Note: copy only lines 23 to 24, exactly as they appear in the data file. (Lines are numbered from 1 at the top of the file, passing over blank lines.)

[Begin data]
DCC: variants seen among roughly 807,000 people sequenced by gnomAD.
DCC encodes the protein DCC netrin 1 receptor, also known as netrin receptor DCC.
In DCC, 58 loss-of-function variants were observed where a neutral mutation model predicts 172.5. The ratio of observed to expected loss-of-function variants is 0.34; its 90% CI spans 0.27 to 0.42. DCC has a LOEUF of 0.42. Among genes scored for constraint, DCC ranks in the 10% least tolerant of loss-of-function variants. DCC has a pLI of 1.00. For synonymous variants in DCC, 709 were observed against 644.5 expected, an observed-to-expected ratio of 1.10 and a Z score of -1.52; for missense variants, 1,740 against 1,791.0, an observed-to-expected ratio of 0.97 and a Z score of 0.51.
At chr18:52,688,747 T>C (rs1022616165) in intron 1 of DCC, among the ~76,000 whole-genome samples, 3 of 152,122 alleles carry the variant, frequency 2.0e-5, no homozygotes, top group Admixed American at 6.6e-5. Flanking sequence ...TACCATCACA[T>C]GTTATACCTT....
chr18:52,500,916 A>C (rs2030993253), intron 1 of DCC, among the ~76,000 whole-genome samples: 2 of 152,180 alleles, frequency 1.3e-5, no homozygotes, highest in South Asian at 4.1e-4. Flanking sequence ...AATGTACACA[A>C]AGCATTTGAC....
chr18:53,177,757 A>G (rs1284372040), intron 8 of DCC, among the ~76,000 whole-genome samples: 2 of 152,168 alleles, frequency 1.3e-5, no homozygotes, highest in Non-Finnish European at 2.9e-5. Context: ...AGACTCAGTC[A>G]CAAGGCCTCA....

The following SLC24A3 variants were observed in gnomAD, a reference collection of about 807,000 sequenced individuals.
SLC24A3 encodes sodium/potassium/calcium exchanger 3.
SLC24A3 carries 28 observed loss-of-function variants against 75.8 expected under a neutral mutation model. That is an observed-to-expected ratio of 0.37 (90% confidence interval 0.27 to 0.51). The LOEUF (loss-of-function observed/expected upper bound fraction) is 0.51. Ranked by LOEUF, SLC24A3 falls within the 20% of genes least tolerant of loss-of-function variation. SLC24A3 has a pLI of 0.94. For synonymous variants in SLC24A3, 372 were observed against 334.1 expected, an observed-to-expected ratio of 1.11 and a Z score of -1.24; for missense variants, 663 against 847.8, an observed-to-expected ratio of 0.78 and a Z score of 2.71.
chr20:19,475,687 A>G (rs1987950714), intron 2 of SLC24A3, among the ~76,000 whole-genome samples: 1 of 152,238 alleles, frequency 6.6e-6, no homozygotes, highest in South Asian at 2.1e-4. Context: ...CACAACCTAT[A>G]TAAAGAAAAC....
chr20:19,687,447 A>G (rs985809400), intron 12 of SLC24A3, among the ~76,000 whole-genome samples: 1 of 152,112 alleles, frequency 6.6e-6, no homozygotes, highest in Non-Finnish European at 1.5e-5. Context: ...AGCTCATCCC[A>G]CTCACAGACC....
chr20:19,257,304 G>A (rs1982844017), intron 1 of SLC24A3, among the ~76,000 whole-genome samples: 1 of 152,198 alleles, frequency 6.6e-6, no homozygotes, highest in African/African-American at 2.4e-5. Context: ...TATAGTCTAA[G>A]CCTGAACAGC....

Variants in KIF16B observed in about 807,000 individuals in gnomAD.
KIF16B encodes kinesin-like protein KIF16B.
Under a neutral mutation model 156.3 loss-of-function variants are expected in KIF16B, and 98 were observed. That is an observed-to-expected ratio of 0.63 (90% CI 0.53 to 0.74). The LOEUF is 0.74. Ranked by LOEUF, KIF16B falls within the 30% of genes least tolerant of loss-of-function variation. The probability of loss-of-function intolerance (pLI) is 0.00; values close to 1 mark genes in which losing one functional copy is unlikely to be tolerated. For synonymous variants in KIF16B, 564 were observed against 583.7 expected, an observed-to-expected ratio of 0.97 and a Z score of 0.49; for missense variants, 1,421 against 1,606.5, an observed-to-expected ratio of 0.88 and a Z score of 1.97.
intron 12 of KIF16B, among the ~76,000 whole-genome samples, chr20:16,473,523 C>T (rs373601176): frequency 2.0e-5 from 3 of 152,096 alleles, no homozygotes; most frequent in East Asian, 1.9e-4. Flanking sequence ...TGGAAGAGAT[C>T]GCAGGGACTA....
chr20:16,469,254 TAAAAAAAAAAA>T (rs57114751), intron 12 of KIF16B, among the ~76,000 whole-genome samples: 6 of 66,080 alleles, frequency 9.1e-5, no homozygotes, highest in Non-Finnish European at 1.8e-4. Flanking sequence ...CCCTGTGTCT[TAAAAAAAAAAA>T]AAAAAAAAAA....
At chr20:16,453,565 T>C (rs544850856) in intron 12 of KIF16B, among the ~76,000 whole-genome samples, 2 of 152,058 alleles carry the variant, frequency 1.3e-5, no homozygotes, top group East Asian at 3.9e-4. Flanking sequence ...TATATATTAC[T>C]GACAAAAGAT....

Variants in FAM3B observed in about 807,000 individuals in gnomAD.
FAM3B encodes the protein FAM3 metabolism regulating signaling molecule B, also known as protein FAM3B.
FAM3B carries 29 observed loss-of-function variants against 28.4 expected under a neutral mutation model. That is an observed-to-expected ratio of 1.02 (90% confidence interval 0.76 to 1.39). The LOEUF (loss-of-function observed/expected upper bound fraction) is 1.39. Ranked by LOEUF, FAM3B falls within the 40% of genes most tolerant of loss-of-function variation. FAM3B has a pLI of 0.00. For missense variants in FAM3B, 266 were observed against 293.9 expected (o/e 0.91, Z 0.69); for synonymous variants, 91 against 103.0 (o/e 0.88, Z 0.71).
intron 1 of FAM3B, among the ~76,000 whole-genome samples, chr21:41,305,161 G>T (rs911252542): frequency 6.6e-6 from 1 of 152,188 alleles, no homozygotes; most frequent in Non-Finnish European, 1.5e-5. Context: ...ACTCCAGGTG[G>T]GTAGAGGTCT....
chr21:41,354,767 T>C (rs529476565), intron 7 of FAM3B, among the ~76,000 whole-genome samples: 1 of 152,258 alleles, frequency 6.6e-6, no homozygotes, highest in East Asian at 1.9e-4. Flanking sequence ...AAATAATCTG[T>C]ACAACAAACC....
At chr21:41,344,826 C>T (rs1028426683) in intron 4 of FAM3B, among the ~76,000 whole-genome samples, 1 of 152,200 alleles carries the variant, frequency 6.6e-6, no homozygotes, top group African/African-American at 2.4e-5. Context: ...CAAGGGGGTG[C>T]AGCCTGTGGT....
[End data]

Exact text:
chr21:41,354,767 T>C (rs529476565), intron 7 of FAM3B, among the ~76,000 whole-genome samples: 1 of 152,258 alleles, frequency 6.6e-6, no homozygotes, highest in East Asian at 1.9e-4. Flanking sequence ...AAATAATCTG[T>C]ACAACAAACC....
At chr21:41,344,826 C>T (rs1028426683) in intron 4 of FAM3B, among the ~76,000 whole-genome samples, 1 of 152,200 alleles carries the variant, frequency 6.6e-6, no homozygotes, top group African/African-American at 2.4e-5. Context: ...CAAGGGGGTG[C>T]AGCCTGTGGT....